In April 1924 the United Aborigines' Mission (UAM), influenced by Annie Lock, opened its first of several missionary facilities at Oodnadatta. Later, in 1933, Sister Lock would set up a small Lutheran Mission at Ooldea where she got to know Daisy Bates. The two of them did not always agree on the best method of helping the Aborigines.
At first the Mission at Oodnadatta operated from a small iron shed but soon had a school, church and a cottage for children. Other women (Sisters) to work at Oodnadatta were, Ruby May Hyde, Iris Mina Harris, before she married missionary William Wade and Miss Smith. With very few resources, and even less help, these Sisters cared for as many as twelve children for the next three years.
Some of the children taken in at Oodnadatta, and later Quorn and Eden Hills, were of Aranda, Arabana, Antakarinja or Pitjantjatjara background. Many of them eventually lost most, if not all, of their language, culture and identity. To compensate for this loss, children invented their own to be able to speak with each other. Molly Lennon, later known as Ruth McKenzie, was one of the Aboriginal girls taken to Oodnadatta in 1926. She later wrote 'Molly Lennon's Story, That's How it was'. When some of these children finally met their parents it was almost impossible to bridge the language and culture gap.
In an effort to isolate the children from their 'perceived harmful surroundings' the Sisters would like to move the home as far away from Oodnadatta as possible. However the Government of the day objected to the children coming any further south than Quorn. In May 1927 the Sisters moved to Quorn where the house they lived in became known as the Colebrook Children's Home, after the President of the UAM.
The mix of cultural backgrounds and languages increased substantially by this move south of nearly seven hundred kilometres. Another reason to move so far south was the fact that the children were living and interacting with many of their nearby relatives. This made it particularly difficult to enforce the policy of assimilation which was expected of them at that time. As late as 1936 the Advertiser wrote 'As much as we sympathise with the mother-love of the lubras, we say that half-cast children should be segregated from the natives before the age of five'.
In Quorn, Ruby May Hyde took over from Annie Lock. As it turned out relations between the home and the Quorn residents were very good. Many a working bee was organised to improve the facilities at Colebrook. While at Quorn, Colebrook children attended the local state school, 'where they reached as high a degree of efficiency as the white children'. One of the girls at Colebrook was Lois O'Donoghue. Discipline at Quorn and later Eden Hills was strict, many of the children referred to Matron Hyde as Pikati, Savage Woman!
The UAM went on to establish missions at Swan Reach, later moved to Gerard and taken over by the Government, Nepabunna, Ooldea and Finniss Springs. There have been many other Aboriginal or mission settlements since the start of South Australia in 1836. Most were run by religious organisations or by the government. As early as 1839 German Lutherans operated a school in the Adelaide parklands. Other missionary settlements were at Poonindie, established in 1850 by the Anglicans, Point McLeay, Killalpaninna, Point Pearce, Koonibba, established in June 1898 by the Lutherans, Umeewarra, Ernabella and Yalata.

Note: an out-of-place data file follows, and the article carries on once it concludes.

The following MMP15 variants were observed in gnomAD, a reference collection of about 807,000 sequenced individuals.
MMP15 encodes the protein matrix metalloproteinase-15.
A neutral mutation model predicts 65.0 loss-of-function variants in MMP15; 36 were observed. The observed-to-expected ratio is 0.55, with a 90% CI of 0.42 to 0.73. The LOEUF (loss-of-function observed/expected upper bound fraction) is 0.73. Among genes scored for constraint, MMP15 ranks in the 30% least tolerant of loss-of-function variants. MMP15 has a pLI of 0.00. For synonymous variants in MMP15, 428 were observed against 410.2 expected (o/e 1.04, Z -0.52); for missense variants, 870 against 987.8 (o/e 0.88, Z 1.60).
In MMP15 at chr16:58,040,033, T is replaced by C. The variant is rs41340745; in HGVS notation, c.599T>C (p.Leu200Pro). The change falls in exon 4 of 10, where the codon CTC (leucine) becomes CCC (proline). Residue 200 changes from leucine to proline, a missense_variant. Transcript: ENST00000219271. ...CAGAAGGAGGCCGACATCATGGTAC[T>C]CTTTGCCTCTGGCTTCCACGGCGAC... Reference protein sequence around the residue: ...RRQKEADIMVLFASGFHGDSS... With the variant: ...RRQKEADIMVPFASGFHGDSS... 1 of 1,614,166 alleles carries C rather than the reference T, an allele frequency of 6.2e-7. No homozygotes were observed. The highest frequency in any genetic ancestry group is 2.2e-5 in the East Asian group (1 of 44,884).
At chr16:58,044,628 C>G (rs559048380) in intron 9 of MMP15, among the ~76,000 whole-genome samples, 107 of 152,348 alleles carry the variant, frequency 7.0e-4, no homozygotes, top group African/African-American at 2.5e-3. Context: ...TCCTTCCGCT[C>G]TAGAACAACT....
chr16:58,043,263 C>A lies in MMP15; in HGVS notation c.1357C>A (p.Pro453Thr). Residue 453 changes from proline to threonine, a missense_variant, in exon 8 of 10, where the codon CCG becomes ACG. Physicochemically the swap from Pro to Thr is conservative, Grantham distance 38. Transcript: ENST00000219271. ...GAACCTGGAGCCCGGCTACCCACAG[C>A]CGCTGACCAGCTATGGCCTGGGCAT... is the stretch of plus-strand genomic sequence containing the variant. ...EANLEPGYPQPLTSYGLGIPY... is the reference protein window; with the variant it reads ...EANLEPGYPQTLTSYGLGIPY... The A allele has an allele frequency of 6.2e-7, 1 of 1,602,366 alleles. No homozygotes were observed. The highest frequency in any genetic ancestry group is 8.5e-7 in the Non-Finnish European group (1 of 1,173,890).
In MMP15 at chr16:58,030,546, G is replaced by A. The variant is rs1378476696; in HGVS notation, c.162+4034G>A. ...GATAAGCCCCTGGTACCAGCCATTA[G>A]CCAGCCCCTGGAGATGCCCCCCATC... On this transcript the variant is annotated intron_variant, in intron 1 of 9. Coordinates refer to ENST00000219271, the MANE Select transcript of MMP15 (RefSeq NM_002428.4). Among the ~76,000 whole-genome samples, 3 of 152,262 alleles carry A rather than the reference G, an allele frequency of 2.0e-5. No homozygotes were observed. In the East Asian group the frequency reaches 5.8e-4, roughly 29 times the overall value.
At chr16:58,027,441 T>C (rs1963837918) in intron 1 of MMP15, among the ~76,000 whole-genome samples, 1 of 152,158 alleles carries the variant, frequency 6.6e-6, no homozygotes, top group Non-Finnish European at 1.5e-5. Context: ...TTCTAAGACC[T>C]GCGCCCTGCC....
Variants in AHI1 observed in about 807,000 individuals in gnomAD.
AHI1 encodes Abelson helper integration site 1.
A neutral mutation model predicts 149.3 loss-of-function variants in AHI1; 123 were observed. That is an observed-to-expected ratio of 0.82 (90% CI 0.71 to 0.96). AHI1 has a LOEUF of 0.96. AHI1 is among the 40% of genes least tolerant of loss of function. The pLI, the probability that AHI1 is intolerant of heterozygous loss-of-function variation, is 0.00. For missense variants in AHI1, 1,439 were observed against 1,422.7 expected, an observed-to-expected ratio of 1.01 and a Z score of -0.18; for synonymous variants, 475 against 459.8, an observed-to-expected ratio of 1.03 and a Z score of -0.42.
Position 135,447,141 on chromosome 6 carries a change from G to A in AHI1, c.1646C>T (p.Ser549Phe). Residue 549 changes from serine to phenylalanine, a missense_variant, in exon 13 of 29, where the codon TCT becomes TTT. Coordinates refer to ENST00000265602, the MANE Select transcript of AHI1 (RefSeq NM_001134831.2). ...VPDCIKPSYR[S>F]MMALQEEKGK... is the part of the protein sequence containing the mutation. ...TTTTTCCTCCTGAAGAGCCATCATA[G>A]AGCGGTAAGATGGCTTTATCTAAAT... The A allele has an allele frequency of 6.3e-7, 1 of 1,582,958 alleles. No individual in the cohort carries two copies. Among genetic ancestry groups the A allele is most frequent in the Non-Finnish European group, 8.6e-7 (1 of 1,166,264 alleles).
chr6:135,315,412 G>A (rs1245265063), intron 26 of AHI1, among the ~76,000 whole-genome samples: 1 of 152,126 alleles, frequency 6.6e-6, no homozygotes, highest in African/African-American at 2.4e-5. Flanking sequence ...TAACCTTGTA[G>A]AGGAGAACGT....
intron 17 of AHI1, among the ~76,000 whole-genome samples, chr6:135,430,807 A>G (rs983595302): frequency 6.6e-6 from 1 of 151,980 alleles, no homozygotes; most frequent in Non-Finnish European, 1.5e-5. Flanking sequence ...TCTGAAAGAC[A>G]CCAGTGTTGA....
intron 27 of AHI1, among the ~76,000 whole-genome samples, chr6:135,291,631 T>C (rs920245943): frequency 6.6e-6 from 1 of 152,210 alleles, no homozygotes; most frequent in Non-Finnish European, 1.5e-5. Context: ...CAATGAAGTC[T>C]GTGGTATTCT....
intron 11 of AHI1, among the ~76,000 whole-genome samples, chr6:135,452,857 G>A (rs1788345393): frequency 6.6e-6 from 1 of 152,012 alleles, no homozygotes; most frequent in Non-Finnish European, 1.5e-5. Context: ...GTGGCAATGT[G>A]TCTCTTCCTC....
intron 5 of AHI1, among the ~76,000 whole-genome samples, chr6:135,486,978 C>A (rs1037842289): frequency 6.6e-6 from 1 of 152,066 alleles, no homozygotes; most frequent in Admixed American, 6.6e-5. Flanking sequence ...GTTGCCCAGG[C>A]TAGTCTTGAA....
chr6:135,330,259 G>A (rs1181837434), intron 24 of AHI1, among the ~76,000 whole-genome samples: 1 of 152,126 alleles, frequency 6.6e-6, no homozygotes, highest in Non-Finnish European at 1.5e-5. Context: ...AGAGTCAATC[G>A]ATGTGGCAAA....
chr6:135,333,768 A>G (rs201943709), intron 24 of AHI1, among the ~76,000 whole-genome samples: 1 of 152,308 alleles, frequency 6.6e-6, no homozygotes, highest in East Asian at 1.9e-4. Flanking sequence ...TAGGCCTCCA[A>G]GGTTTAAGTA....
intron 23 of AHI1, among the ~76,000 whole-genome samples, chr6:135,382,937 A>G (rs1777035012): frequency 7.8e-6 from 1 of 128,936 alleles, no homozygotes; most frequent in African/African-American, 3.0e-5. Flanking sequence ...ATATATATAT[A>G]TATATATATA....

The children placed at Colebrook included those who had been forcibly removed from their parents by government officials, some who were placed there by their traditional mothers or non-Indigenous fathers because one or both parents were unable to care for them and those who had been taken from their families by non-Indigenous people to work for them and then rejected when their services were no longer wanted. Once children had been admitted to the Home, it was almost impossible to have them taken out by their parents. It often meant that the parents had to pay a substantial amount of money and were subjected to some harsh conditions before the Board would even consider their requests.
In 1944 the Colebrook Home moved once again. This time it moved another three hundred kilometres further south to Eden Hills in Adelaide to a place originally called Carinya and used as a home for returned soldiers. Here the children attended school on site until 1953, because the Blackwood Primary and Secondary Schools refused to accept the Colebrook children. Later a number of older girls attended Mitcham Girls Technical High School and the boys went to Goodwood Technical High School.
Barbara Mighall still has some fond memories of these children. She was an almost stranger in the city too and understood their assimilation problems. 'My parents only came back to Adelaide because of the war and Dad wanted to join up. We were on Bulloo Downs Station (Then a Kidman station) in the Channel country where I had correspondence schooling. There were no aboriginal families on Bulloo Downs. Although there was a lovely black man, 'Bulloo Downs Bob' who use to come to the station periodically. He used to ask Dad (who was a sort of caretaker when all the men were out), if there were any jobs he wanted done in exchange for stores. I used to go out all day with Bob and he used to show me which way the snake tracks were travelling and to recognise a dingo track. He also showed me how to make boomerangs from the twisted roots of the trees along the river. He used to eat with Mum and me because women and aborigines didn't eat with the men. I was a long time ago'.